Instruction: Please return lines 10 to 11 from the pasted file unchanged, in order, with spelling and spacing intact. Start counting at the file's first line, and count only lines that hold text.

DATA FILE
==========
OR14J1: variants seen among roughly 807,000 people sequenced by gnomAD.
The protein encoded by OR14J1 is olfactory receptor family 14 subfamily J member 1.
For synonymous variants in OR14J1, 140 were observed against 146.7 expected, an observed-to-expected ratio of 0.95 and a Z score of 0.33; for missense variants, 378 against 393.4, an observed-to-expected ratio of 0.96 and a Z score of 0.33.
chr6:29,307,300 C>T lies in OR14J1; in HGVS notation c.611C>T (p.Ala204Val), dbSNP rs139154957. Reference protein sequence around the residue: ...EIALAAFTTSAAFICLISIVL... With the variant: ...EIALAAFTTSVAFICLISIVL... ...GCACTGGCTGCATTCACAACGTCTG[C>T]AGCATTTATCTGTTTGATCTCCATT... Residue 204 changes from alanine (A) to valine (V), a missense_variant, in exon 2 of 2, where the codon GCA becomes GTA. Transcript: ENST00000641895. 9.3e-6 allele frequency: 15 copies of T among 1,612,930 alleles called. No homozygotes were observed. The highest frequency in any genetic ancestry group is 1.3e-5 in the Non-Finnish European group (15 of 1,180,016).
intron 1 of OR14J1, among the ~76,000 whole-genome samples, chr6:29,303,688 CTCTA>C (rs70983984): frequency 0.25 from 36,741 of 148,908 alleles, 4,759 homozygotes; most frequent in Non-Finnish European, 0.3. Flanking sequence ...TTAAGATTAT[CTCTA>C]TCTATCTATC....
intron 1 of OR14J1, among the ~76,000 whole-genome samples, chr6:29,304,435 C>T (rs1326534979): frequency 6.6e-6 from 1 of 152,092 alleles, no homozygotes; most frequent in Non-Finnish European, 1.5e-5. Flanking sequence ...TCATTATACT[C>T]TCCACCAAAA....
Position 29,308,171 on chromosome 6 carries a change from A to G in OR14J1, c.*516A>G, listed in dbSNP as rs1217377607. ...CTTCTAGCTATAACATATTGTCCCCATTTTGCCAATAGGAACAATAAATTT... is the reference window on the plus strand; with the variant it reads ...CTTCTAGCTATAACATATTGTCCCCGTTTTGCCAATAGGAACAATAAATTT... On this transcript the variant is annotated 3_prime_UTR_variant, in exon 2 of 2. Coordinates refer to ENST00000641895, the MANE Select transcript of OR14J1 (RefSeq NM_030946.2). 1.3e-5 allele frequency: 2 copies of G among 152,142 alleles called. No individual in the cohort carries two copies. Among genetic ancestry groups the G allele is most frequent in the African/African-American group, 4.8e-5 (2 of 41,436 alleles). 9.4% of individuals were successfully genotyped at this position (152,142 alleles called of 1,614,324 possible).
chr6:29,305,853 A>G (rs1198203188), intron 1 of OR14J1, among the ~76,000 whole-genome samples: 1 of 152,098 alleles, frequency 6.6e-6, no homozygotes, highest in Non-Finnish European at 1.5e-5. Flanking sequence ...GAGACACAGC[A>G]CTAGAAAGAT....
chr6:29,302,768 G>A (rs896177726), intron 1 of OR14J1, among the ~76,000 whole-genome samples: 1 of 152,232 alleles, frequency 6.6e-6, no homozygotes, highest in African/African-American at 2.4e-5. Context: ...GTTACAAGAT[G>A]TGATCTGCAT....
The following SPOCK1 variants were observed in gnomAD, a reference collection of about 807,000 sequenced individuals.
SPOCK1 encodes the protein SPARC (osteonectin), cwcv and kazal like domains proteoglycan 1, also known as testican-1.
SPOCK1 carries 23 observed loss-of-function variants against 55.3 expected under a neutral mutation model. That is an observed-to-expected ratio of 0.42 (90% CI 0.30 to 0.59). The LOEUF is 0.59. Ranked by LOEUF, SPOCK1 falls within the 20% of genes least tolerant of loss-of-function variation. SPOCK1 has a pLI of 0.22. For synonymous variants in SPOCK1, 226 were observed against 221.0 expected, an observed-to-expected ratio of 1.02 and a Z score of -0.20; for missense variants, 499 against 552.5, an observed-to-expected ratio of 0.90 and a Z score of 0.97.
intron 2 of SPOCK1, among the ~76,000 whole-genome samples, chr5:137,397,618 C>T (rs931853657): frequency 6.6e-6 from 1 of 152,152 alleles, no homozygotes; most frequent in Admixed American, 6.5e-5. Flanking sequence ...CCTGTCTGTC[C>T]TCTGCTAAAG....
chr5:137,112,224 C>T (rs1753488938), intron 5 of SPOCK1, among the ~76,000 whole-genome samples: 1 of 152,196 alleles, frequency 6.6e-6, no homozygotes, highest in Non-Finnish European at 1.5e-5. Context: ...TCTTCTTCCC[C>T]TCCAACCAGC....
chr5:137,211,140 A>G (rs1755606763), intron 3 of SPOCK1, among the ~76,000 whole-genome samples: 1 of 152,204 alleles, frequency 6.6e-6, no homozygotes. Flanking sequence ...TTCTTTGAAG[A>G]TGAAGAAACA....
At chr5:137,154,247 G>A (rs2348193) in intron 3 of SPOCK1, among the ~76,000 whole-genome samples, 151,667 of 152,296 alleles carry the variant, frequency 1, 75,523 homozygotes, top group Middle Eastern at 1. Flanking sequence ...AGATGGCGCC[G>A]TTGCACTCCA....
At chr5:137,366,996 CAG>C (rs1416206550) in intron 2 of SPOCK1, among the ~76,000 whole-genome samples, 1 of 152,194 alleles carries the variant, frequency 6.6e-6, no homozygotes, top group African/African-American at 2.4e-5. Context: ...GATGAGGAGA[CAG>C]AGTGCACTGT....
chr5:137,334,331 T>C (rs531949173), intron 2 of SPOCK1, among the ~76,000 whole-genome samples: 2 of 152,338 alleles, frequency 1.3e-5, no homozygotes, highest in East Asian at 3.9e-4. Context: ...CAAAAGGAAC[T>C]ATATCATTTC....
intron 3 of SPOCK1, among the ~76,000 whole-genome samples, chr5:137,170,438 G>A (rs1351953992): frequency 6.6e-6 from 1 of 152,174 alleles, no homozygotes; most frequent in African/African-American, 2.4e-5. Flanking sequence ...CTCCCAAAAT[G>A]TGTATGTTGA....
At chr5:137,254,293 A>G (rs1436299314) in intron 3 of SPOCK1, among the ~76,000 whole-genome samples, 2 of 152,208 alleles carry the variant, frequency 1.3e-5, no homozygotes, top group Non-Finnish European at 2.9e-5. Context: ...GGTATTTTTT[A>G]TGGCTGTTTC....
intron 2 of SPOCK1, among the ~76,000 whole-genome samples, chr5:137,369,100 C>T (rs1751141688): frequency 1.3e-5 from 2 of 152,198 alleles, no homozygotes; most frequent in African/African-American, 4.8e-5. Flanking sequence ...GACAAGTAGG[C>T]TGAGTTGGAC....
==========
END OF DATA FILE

The following SPOCK1 variants were observed in gnomAD, a reference collection of about 807,000 sequenced individuals.
SPOCK1 encodes the protein SPARC (osteonectin), cwcv and kazal like domains proteoglycan 1, also known as testican-1.